Photo selection for the week of August 1-7, 2014
Other than the plastic or fiberglass dinosaur replicas and eggs in the play area, you're not likely to find any prehistoric saurian bones or artifacts at this lovely coast side park.
The name "Dinosaur Caves" is a holdover from the 1940's when an entrepreneur had a lapidary shop here and provided tours down into the sea caves. He began building a ferrocement replica of a brontosaurus intent on luring motorists off Highway 101 until the neighbors raised a ruckus about it.
Fast forward through attempts to develop the property to today where it ably fulfills its purpose of a beautiful seaside park.
Location: Shell Beach section of Pismo Beach at the corner of Price Street and Cliff Avenue. Approximately 1 mile north of downtown Pismo.
GPS Coordinates: 35.154767, -120.665966
Organization: City of Pismo Beach (official park page)
Size: 11 acres
Facilities: Play area; picnic tables; grassy area; walking paths; benches at bluffs edge; rest rooms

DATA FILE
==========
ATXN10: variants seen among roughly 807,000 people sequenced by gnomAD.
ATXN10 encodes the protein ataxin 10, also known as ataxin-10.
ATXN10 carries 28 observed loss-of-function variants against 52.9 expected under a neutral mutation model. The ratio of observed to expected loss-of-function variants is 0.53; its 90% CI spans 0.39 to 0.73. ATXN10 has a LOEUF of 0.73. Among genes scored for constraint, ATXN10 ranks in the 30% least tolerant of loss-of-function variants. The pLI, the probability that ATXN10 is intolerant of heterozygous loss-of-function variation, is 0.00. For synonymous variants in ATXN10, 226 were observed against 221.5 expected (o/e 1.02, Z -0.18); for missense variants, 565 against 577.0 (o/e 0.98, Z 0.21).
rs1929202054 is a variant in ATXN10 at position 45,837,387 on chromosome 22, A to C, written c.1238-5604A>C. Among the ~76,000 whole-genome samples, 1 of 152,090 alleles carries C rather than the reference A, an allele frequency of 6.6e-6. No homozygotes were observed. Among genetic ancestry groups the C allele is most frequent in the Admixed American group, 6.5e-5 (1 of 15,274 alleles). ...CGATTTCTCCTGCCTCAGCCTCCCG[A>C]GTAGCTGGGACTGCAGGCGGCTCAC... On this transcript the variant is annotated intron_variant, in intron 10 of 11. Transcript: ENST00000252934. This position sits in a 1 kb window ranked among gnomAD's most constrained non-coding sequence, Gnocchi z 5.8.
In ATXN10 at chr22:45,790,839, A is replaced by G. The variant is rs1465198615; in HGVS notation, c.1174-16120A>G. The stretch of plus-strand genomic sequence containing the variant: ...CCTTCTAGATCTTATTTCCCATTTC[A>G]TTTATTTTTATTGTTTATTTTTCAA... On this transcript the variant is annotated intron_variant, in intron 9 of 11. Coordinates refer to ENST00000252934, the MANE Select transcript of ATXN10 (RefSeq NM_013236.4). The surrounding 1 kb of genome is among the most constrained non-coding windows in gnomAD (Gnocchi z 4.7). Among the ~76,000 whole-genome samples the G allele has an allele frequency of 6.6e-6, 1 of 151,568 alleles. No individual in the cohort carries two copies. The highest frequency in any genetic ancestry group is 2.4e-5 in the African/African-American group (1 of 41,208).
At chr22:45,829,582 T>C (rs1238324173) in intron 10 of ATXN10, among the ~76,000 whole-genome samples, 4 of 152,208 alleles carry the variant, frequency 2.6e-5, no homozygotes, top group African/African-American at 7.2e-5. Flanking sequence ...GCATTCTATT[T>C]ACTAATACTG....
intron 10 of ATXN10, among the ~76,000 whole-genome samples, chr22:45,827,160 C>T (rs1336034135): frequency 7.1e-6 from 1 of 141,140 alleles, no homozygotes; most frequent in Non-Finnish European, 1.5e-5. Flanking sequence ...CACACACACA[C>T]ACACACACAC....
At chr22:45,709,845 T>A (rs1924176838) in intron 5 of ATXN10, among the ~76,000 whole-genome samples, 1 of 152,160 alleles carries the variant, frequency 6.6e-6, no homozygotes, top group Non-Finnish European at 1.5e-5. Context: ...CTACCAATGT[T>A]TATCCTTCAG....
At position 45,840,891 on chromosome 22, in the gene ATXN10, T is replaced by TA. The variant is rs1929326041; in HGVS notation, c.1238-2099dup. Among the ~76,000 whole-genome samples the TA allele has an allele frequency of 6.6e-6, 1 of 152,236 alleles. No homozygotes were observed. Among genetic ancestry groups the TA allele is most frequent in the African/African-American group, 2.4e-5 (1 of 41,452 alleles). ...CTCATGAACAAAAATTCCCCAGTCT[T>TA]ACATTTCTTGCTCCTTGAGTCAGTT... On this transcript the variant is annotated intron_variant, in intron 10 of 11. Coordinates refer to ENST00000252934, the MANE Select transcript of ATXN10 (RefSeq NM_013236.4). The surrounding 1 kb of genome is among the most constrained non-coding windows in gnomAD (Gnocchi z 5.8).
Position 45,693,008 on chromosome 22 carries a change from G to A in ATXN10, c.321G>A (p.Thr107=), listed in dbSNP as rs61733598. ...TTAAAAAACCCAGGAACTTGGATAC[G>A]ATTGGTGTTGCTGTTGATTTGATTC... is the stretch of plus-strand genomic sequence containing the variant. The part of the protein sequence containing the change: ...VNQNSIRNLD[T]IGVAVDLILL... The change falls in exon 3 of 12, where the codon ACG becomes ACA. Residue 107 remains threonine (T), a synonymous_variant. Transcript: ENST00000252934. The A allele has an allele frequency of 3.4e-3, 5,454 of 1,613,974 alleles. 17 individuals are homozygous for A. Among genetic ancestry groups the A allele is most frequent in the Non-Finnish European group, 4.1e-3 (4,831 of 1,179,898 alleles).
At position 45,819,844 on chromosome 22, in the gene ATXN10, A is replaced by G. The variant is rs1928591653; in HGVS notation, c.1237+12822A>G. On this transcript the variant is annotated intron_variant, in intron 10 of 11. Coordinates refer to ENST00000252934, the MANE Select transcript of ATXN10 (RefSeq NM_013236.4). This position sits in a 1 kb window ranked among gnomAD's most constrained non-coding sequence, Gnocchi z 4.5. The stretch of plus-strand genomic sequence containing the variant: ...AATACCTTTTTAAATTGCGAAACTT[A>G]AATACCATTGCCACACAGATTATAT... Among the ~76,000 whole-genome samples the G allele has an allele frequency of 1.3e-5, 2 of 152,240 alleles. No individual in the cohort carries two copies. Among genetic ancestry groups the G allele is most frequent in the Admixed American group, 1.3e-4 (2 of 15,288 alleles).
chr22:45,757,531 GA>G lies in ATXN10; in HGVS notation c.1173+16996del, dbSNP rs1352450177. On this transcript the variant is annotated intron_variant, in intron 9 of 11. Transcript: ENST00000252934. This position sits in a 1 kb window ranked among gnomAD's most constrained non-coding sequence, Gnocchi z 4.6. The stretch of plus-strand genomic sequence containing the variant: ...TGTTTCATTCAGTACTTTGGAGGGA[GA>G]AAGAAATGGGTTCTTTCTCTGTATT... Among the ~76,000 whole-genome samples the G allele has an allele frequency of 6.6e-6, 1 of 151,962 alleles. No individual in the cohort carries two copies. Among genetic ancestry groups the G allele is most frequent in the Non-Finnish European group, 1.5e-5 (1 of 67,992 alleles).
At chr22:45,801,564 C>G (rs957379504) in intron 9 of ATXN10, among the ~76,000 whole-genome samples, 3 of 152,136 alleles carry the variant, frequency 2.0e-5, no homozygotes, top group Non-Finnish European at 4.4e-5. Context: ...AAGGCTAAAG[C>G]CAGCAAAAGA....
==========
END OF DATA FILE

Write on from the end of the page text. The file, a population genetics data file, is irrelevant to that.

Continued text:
Accessibility: Accessible parking, rest rooms and picnic tables
Dogs?: Allowed on leash
Parking: Dedicated lot and more spaces along Cliff Avenue
Now for the real treat! - a video of a flyover the park and the ocean allowing you to view into the sea caves below the park.
The original caves that were promoted way back when collapsed in the 1970's, but there are still many caves that are accessible only by kayak (in person) or by a UAV (unmanned aerial vehicle) video.
When the advert shows up, you can just click the "X" at the right corner to minimize it.
Our thanks to RoadTripFPV for permission to post this video. He is an expert flyer and the video is unedited. Great work. More great videos on his YouTube channel here.
This large sea stack has caves carved out by the wave action and is popular with kayakers. In fact you can see a lime green kayak about 25 seconds into the video above which will give you a sense of the size of this formation.
Recently this and all other offshore rocks and islets were designated as the California Coastal National Monument. There are over 20,000 rocks, and other formations along the 1,100 mile California coastline.